Squatting in Namibia

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sky above informal settlement
Shacks in Katatura, Windhoek

Squatting in Namibia is the occupation of unused land or derelict buildings without the permission of the owner. After Namibian independence in 1990, squatting increased as people migrated to the cities. By 2020, 401,748 people were living in 113 informal settlements across the country.

History[edit]

Colonial times[edit]

In pre-colonial times there was no notion of formal land ownership in South West Africa,[1] the concept of squatting thus did not apply. The dispossession of land by European settlers from Africans began in the nineteenth century with the coming of German colonists and traders as the area was incorporated as German South West Africa.

In 1915 South Africa occupied the colony of German South West Africa and ruled it until 1990 as South West Africa. During the chaos of World War I, Khoisan and Bantu peoples had squatted vacant land and farms. Squatting became illegal, squatters were forcibly resettled. By 1926, 7.5 million hectares had been allotted to 1,106 white farmers. Afterwards, South Africa imposed the apartheid system which gave land to white farmers and dispossessed black Namibians of ancestral lands. The 1962 Commission of Enquiry into South West Africa Affairs continued to enforce apartheid.[2] Namibia was divided along ethnic lines. 10 bantustans were established, the remaining territory, including much of the agriculturally viable land, was reserved for Whites.[3]

Post-independence[edit]

House made from sheets of corrugated metal
A shack in Gobabis

When Namibia gained independence in March 1990, the country inherited this division of land in which 3,500 farmers, who were almost entirely Whites, owned approximately 50% of the country's agricultural land. These farmers constituted about 0.2% of the total national population. Land reform became one of the biggest goals for many who participated in Namibia's liberation struggle.[3] At the same time the settlements began to grow.[4] Squatting in Namibia most often occurs when poor migrant from the rural north move to the capital Windhoek and live in informal settlements.[5] Squatters in the Vergenoeg shanty town on the edge of Okahandja were told in 2019 they had to move so as to allow construction of a new highway between Okahandja and Windhoek. Five thousand people were affected.[6]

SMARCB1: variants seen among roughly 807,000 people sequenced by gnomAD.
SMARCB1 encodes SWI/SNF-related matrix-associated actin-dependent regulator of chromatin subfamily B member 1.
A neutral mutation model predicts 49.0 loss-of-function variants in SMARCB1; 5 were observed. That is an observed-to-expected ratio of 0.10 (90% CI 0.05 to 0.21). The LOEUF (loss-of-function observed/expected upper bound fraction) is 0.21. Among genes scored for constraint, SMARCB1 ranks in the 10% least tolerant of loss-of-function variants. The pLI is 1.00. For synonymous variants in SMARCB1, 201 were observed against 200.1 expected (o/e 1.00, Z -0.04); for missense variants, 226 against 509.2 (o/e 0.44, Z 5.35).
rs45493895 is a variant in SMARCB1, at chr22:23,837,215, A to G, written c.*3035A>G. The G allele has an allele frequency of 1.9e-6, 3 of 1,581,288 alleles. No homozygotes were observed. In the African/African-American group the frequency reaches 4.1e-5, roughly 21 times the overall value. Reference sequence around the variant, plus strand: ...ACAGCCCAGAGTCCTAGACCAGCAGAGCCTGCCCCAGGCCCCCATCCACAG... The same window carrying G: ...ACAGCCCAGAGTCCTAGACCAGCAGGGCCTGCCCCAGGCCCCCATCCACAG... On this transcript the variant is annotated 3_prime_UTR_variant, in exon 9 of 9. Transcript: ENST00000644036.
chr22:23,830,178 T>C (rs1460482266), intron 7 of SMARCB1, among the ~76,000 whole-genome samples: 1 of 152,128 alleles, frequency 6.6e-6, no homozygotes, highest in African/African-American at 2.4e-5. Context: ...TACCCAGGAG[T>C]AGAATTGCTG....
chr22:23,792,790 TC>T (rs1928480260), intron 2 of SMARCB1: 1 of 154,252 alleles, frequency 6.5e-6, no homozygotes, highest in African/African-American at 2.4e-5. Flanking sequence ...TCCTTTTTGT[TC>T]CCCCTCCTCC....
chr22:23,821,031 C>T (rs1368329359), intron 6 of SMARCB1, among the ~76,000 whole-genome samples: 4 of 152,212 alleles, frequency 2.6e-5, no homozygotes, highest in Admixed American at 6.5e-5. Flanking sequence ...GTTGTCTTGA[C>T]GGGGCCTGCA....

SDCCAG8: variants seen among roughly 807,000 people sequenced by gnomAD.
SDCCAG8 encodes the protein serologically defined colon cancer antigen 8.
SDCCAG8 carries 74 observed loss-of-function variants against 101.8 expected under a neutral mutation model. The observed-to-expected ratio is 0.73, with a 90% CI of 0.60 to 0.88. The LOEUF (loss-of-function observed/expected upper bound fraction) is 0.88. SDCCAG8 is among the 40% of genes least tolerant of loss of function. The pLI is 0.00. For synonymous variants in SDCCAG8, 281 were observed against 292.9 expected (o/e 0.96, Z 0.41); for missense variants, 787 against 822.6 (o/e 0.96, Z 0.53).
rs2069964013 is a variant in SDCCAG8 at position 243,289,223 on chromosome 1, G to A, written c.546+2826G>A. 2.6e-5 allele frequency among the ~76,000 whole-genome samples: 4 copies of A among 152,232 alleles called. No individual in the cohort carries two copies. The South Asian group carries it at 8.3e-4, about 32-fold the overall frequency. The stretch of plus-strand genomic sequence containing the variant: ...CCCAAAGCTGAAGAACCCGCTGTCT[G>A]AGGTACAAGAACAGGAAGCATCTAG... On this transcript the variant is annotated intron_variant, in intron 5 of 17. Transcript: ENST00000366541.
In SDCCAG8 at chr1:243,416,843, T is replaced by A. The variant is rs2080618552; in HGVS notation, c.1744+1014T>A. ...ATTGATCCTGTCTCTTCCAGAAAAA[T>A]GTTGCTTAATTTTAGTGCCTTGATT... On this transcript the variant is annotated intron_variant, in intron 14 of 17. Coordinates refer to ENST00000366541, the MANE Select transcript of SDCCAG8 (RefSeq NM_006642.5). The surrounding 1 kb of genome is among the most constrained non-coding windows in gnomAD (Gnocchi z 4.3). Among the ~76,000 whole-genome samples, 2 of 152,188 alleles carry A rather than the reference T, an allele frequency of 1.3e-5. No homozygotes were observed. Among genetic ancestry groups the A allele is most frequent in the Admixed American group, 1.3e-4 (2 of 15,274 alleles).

Government plans to upgrade settlements have been criticised by squatters who either have been moved to a temporary site then not resettled or have not received promised improvements.[7][8] In Havana in Windhoek, there were many cases of Hepatitis E in 2018.[9] During the COVID-19 pandemic, squatters in Outjo voiced concern about finding food and firewood during lockdown.[10]

In 2020, the Harambee Prosperity Plan 2 was released. It declared that 401,748 people were living in 113 informal settlements across the country. Almost 100,000 of these people lived in Windhoek, 76,068 in Rundu, 52,870 in Otjiwarongo, 35,452 in Oshakati, over 24,000 in Swakopmund and Walvis Bay, over 13,000 in Rehoboth, 11,400 in Tsumeb, 8,670 in Nkurenkuru and 8,090 at Gobabis.[11]

Legal[edit]

Squatting continues to be regulated by the Squatters Proclamation, AG 21 of 1985.[12] Certain sections were struck out as unconstitutional following Shaanika and Others v Windhoek City Police and Others in 2013.[13][14] In 2020, a land activist launched a challenge to the proclamation, claiming it was entirely unconstitutional.[12]

See also[edit]

References[edit]

  1. ^ Vedder, Heinrich (1997). Das alte Südwestafrika. Südwestafrikas Geschichte bis zum Tode Mahareros 1890 [South West Africa in Early Times. Being the story of South West Africa up to the date of Maharero's death in 1890] (in German) (7th ed.). Windhoek: Namibia Scientific Society. p. 181. ISBN 0-949995-33-9.
  2. ^ Werner, Wolfgang (March 1993). "A brief history of land dispossession in Namibia". Journal of Southern African Studies. 19 (1): 135–146. doi:10.1080/03057079308708351.
  3. ^ a b Land reform in Namibia: Why not? Archived 2010-12-24 at the Wayback Machine by Chris Tapscott, Southern Africa Report, January 1994
  4. ^ Rogerson, C. M. (March 1990). "Aspects of urban management in Windhoek, Namibia". Urban Forum. 1 (1): 29–47. doi:10.1007/BF03036525. S2CID 153889189.
  5. ^ Frayne, Bruce (July 2004). "Migration and urban survival strategies in Windhoek, Namibia". Geoforum. 35 (4): 489–505. doi:10.1016/j.geoforum.2004.01.003.
  6. ^ Ngutjinazo, Okeri (7 August 2019). "Okahandja squatters could stall highway". The Namibian. Archived from the original on 12 March 2021. Retrieved 12 March 2021.
  7. ^ Hartman, Adam (29 May 2018). "Walvis squatters petition minister for land". The Namibian. Archived from the original on 12 March 2021. Retrieved 12 March 2021.
  8. ^ Nambadja, Charlotte (5 January 2021). "Squatters bemoan empty election promises". The Namibian. Archived from the original on 12 March 2021. Retrieved 12 March 2021.
  9. ^ Kangootui, Nomhle (16 November 2018). "Hepatitis hits Havana hard". The Namibian. Archived from the original on 12 March 2021. Retrieved 12 March 2021.
  10. ^ Miyanicwe, Clemans (4 April 2020). "Outjo squatters not prepared for lockdown". The Namibian. Archived from the original on 12 March 2021. Retrieved 12 March 2021.
  11. ^ Erastus, Nghinomenwa (12 August 2020). "Namibia's ghetto life: Half million live in shacks countrywide". The Namibian. Archived from the original on 12 March 2021. Retrieved 12 March 2021.
  12. ^ a b Amakali, Maria (17 September 2020). "Land activist challenges squatters law". New Era. Retrieved 13 March 2021.
  13. ^ "Squatters Proclamation, AG 21 of 1985" (PDF). Annotated Statutes. Republic of Namibia. Retrieved 13 March 2021.
  14. ^ "Shaanika and Others v Windhoek City Police and Others (A 249/2009) [2010] NAHC 171 (28 October 2010)". Namibialii. Retrieved 13 March 2021.